Donor cards:

A donor card is a card that shows that a person has agreed to give away some of the organs after they die, and this can be used for transplants. However there are issues, some people believe that it is religiously wrong to give away your organs after you die and this causes a lot of problems. A family member may have given consent to give away their organs when they die but after they die their family members may object and not allow it and this causes a lot of problems. There is a long list for transplants and it is very hard to receive a transplant, donors help quicken this service. In England it is optional to become a donor or not. Another issue may be about race some people will not wish to have an organ from someone else from another race or the donor may not wish to give their organs to someone else from another race or religion and this is another problem that causes delays and means there’s a shortage of donors.


Ultra filtration: A high pressure filtration through a semipermeable membrane in which colloidal particles are retained while the small sized solutes and the solvent are forced to move across the membrane by hydrostatic pressure forces. Ultrafiltration is a vital process that takes place in the kidneys. With ultrafiltration, large molecules (such as cells and proteins) that are essential are separated or filtered out to be reabsorbed. The ultrafiltrate, in turn, is passed through the proximal tubule, the loop of Henle, the distal convoluted tubule, and a series of collecting ducts to form urine. Osmosis: Diffusion of a solvent (usually water molecules) through a semipermeable membrane from an area of low solute concentration to an area of high solute concentration. Selective reabsorption: The act or process of absorbing again, as the selective absorption by the kidneys of substances (glucose, proteins, sodium, etc.) already secreted into the renal tubules and their return to the circulating blood. Microvilli: Any of the minute hairlike structures projecting from the surface of certain types of epithelial cells, especially those of the small intestine. Co-transport proteins:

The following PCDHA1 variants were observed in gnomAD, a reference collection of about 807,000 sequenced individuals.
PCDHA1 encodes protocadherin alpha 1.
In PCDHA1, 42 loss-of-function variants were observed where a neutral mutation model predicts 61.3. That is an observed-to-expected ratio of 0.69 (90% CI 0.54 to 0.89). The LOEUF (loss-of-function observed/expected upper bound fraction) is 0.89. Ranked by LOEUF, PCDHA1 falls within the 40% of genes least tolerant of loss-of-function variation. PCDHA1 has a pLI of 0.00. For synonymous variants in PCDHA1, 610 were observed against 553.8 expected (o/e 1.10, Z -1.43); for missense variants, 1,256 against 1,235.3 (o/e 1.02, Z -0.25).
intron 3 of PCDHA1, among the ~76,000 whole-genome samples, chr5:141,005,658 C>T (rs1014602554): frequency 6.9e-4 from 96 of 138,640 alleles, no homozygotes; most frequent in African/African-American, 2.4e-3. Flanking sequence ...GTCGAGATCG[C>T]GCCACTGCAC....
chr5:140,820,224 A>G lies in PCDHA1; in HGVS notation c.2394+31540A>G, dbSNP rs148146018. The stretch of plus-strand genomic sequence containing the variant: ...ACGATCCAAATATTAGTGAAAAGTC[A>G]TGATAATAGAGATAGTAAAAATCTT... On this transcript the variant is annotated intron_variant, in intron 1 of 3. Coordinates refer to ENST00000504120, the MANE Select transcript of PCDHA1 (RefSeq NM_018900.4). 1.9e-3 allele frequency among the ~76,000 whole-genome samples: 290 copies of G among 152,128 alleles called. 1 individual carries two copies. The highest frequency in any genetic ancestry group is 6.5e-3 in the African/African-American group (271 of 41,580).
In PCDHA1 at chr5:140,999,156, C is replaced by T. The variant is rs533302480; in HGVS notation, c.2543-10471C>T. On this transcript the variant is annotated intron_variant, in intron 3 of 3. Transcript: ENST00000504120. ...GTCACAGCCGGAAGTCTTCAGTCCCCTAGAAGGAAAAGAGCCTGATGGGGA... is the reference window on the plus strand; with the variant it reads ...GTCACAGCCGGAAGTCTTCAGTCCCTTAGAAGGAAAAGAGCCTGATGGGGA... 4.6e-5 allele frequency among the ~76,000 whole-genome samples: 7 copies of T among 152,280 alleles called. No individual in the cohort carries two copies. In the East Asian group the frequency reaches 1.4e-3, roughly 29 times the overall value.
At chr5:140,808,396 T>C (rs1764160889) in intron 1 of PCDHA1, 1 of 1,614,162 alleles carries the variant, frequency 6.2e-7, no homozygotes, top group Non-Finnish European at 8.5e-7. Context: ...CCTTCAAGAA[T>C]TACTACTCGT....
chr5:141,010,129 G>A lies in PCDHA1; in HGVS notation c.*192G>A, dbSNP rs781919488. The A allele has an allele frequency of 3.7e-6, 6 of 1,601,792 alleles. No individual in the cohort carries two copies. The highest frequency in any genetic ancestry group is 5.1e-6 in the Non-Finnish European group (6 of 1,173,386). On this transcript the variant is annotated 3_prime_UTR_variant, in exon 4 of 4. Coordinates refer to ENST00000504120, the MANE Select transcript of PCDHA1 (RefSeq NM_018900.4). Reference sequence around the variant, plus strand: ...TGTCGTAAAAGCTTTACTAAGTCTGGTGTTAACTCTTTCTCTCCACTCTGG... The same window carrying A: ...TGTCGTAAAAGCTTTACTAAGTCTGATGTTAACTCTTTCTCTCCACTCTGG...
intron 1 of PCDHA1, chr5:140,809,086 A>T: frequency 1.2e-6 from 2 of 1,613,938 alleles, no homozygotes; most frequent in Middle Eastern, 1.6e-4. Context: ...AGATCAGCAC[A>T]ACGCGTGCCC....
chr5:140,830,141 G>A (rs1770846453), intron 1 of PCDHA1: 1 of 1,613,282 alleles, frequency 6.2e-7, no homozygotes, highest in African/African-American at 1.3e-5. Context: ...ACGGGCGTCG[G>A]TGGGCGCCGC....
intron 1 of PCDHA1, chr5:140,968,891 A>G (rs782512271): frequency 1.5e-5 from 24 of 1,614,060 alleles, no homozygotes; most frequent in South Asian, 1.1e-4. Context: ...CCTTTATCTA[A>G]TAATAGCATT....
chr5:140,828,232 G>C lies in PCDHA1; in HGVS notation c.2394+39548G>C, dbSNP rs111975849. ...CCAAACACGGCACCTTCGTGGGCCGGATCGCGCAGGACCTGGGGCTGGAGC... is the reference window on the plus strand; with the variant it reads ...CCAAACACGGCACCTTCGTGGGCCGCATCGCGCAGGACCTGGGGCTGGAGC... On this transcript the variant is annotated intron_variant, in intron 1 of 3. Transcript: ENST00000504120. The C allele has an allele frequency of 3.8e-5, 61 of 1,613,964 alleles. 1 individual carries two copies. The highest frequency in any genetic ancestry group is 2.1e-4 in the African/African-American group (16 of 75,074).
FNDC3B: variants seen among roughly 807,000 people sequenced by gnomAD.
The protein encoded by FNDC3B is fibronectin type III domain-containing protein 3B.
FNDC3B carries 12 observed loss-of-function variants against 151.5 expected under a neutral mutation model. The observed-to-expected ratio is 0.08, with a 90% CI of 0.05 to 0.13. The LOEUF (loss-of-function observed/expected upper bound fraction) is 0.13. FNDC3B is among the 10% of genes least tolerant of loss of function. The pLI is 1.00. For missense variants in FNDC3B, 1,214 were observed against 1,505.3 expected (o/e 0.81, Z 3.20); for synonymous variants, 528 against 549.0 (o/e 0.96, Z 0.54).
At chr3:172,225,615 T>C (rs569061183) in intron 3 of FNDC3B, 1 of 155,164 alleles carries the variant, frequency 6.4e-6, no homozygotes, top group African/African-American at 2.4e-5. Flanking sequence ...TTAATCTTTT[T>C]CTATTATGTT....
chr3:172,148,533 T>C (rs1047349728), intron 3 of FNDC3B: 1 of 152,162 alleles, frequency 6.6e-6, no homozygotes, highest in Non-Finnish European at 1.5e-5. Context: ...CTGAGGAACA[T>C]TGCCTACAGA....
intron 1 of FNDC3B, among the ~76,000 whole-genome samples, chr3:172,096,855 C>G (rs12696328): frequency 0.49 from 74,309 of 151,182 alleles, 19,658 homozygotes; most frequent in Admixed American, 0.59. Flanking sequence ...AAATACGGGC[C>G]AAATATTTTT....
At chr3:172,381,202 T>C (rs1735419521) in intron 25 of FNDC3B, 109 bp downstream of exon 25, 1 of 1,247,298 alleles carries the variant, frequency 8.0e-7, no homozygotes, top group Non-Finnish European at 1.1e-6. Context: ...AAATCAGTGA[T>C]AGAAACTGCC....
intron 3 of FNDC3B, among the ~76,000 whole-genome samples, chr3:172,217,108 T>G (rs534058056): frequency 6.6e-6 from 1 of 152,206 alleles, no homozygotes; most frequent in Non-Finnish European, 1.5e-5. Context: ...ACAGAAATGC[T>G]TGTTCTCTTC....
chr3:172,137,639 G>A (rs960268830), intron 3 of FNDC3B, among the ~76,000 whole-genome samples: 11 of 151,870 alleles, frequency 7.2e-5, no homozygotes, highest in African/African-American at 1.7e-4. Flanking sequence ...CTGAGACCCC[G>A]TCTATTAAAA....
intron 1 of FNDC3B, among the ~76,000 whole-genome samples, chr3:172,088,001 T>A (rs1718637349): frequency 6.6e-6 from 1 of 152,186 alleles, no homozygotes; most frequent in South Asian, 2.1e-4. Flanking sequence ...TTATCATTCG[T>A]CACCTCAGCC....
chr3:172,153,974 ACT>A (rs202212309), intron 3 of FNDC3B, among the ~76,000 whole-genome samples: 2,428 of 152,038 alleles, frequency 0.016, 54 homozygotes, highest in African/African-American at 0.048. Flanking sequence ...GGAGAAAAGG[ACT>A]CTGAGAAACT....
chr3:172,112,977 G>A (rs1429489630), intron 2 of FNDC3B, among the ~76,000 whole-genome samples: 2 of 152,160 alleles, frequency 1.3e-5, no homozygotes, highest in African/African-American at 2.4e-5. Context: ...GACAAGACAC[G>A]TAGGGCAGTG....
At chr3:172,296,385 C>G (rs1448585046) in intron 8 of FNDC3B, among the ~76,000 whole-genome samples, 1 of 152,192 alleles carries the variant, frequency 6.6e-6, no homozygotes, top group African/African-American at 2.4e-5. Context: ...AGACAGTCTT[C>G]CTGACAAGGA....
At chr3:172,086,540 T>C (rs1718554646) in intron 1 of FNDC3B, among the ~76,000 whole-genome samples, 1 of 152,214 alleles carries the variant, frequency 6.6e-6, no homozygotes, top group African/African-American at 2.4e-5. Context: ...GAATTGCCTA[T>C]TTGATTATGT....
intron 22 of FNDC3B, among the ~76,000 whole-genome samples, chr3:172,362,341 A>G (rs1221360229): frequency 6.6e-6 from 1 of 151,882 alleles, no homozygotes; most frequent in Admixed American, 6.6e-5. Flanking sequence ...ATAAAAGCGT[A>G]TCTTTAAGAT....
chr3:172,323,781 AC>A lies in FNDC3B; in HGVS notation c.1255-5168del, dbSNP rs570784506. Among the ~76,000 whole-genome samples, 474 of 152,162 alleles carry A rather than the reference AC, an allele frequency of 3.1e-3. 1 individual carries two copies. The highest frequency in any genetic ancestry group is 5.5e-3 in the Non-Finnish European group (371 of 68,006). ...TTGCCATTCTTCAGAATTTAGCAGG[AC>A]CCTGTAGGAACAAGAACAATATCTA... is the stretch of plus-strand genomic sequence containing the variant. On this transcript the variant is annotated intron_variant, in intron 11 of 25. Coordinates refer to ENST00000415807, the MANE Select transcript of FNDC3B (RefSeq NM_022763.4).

Facilitated diffusion: Transport of substances across a biological membrane from an area of higher concentration to an area of lower concentration by means of a carrier molecule. Since the substances move along the direction of their concentration gradients, energy is not required.

Active transport: A kind of transport wherein ions or molecules move against a concentration gradient, which means movement in the direction opposite that of diffusion – or – movement from an area of lower concentration to an area of higher concentration. Hence, this process will require expenditure of energy, and the assistance of a type of protein called a carrier protein. ADH: a peptide hormone released from the posterior pituitary lobe but synthesised in the hypothalamus. There are 2 forms, differing only in the amino acid at position 8: arginine vasopressin is widespread, while lysine vasopressin is found in pigs. Has antidiuretic and vasopressor actions. Used in the treatment of diabetes insipidus. Osmoregulation: The process of regulating water potential in order to keep fluid and electrolyte balance within a cell or organism relative to the surrounding. Counter-current multipliers:

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  • Subject:

  • University/College: University of Chicago

  • Type of paper: Thesis/Dissertation Chapter

  • Date: 26 February 2016